Anytime the subject of favorite authors comes up, Kurt Vonnegut is always the first author that springs to my mind. I’ve read a lot of books over the years, enough to fill a medium sized library, and I’ve been influenced by a lot of writers. But Vonnegut influenced more than just my writing, he influenced my attitude about writing. I first read him in College back in the early 70′s. The book was Slaughterhouse Five.
I took that book in as though it was oxygen in an airless room, absorbing it through every pore in my body. I read it twice in three days. When the last page was turned after that second go-round, I plundered the University of Detroit Library bookshelves and read every Vonnegut book they had. One, Breakfast of Champions, has been a steady read for over 30 years. I’ve read it so many times, I practically know it by heart.
During that Vonnegut Summer, I was so completely there alongside Billy Pilgrim, Kilgore Trout, Eliot Rosewater and all the rest of the zany characters Vonnegut breathed life into, that I would often find myself, book in hand, nose in book, in the wrong classroom or walking down Livernois Avenue, several blocks from campus. That summer felt like one long and very pleasant acid trip.
But, beyond the pleasure of the read, came the joy of finding my lost love for writing returned. As a kid, I had written hundreds if not thousands of words over time but once that line into puberty had been crossed, the flush of hormones drowned the desire to write and my old Underwood slipped into the shadows of my room, gathering dust and silently lamenting the absence of warm fingertips upon its worn and tarnished keys. Reading Vonnegut returned that desire to write and returned it with a vengeance.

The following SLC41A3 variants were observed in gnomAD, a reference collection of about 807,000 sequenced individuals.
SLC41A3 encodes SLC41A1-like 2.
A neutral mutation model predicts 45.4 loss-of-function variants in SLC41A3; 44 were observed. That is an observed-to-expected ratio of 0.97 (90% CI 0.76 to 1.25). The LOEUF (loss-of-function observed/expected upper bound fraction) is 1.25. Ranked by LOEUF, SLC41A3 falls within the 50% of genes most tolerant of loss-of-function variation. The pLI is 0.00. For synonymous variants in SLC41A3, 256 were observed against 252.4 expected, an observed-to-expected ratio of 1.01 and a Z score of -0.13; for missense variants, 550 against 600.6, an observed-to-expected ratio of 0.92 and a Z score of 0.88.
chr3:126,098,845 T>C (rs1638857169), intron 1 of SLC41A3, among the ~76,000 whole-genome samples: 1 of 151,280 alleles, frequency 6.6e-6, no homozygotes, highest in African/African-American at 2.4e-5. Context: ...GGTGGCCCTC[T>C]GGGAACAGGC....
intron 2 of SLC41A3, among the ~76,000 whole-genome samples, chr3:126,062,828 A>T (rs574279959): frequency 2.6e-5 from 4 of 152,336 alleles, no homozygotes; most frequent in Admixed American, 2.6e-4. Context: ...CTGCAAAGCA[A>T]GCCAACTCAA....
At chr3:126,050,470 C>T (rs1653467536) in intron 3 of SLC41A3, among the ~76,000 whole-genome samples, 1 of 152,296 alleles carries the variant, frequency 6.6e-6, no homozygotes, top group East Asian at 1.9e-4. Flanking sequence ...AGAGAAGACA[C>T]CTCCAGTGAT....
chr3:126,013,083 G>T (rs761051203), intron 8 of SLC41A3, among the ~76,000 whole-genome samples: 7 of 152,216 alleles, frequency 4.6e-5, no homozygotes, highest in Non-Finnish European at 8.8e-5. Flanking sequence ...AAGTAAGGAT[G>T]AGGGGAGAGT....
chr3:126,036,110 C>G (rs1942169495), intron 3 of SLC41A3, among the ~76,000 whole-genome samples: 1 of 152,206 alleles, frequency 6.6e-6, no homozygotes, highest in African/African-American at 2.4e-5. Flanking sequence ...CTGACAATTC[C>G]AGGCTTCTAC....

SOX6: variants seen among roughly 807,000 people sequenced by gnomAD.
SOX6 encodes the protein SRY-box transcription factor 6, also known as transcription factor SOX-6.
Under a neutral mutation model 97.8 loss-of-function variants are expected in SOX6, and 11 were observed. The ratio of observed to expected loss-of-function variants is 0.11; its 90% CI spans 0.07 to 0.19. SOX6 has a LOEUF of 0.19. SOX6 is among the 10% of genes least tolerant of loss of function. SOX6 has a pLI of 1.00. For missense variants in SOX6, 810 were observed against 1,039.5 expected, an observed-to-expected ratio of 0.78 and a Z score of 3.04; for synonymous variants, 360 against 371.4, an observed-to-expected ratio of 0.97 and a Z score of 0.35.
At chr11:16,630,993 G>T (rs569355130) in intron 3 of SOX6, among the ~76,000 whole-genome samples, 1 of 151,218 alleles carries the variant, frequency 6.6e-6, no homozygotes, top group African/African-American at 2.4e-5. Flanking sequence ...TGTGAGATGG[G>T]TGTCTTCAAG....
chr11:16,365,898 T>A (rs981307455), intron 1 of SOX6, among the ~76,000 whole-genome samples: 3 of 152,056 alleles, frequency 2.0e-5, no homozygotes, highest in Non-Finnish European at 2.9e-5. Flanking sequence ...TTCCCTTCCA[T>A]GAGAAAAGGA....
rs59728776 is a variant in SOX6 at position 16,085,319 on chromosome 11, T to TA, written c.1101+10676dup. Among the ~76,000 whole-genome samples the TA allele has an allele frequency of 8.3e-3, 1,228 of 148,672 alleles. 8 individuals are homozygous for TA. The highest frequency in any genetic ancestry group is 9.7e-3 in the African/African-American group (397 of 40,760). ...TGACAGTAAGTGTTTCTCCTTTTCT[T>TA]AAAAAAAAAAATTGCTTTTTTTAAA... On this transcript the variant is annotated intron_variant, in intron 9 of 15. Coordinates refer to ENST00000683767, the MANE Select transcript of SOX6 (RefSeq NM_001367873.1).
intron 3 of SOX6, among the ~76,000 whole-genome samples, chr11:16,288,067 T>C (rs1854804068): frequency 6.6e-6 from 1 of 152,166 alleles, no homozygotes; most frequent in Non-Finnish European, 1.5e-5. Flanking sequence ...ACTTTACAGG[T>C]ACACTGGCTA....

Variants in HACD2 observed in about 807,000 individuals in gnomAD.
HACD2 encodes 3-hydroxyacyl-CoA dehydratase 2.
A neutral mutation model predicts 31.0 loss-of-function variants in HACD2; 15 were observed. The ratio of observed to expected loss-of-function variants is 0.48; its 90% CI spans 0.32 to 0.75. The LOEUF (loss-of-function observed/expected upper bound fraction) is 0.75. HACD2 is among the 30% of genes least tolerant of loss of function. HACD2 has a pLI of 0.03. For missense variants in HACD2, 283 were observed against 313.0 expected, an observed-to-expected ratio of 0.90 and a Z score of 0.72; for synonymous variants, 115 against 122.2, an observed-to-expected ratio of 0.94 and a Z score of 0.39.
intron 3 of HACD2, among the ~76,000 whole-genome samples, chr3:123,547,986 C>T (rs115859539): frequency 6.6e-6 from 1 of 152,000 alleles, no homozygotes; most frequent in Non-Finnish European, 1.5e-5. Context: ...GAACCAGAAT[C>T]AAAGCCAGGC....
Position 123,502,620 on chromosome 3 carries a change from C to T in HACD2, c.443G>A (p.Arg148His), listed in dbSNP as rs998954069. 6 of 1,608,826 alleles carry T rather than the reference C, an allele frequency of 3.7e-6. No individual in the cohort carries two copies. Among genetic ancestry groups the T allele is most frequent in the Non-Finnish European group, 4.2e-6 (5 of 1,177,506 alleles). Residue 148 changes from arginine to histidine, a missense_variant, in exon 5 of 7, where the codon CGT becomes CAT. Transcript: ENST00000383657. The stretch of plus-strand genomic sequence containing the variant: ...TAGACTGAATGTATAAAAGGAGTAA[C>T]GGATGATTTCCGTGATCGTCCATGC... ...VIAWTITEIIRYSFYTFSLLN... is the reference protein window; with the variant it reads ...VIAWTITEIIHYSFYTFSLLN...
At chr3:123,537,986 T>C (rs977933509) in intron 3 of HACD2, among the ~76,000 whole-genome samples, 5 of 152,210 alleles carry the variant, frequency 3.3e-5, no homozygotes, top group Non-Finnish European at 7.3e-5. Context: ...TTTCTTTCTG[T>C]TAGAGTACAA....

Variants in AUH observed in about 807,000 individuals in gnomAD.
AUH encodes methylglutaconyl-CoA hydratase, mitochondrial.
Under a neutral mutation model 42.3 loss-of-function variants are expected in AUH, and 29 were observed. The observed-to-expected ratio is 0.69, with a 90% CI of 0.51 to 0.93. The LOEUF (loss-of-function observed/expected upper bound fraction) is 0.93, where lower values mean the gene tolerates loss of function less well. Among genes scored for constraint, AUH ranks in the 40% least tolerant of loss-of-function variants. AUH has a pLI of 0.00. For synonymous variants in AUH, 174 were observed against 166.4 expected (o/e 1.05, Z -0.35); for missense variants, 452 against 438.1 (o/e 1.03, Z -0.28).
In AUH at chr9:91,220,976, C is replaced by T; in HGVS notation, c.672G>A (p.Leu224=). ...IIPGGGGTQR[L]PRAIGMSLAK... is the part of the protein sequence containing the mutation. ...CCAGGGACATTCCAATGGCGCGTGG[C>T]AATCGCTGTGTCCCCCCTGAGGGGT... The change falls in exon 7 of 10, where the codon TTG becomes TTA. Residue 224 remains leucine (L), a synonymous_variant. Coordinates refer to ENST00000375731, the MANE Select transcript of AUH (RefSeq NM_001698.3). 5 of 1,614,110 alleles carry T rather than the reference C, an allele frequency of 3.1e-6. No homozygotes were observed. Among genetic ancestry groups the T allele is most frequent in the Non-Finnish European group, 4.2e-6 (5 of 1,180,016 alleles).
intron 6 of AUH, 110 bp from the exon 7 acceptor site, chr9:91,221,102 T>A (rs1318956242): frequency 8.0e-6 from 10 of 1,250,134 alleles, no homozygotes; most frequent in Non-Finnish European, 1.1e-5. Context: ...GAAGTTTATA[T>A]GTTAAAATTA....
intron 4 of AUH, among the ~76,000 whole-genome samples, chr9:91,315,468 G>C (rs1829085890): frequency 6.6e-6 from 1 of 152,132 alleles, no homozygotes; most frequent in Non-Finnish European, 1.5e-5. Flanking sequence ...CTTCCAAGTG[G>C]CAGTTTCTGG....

During what I think of as my ‘Vonnegut’ period, everything I wrote held the distant flavor of his words, much in the same way imitation vanilla ice cream holds the faint flavor of real vanilla bean ice cream. It took a lot of time, a lot of other-than-Vonnegut reading – not to mention having to pass through a brief, Richard Brautigan period, my second favorite and most influential author – before I began to find my own voice, my own words.
Since those college days, I have read every word of Vonnegut’s I could find and when he died on April 11, 2007, I mourned for a month or more. In some ways, I’m still mourning his passing.
Back in January of 2006, Mark Bastable set the parameters for one of the Backspace contests. Briefly, participants had to take a 400-800 word passage from a published work and supply an equal length passage of their own, written in the chosen authors style. I entered two passages for that contest, one from Brautigan, the other from Vonnegut. The Brautigan bit it pretty early one. The Vonnegut won me my first Backspace contest by a wide margin.
I dug through some old files and, in honor of Kurt Vonnegut’s birthday, I’ve entered them below. And just for S&G, I’ve turn it into a contest. The first person to pick the fake correctly, wins an eBook copy of my book Stealing The Marbles that can be read on the Mobipocket Reader. Leave your vote in the comment section, one vote per customer. In the tradition of good gamesmanship, if you own Slapstick, no peeking, if you don’t, no Googling. Oh, and to the winner, if you will, please write a review of the book on Amazon. Much appreciated.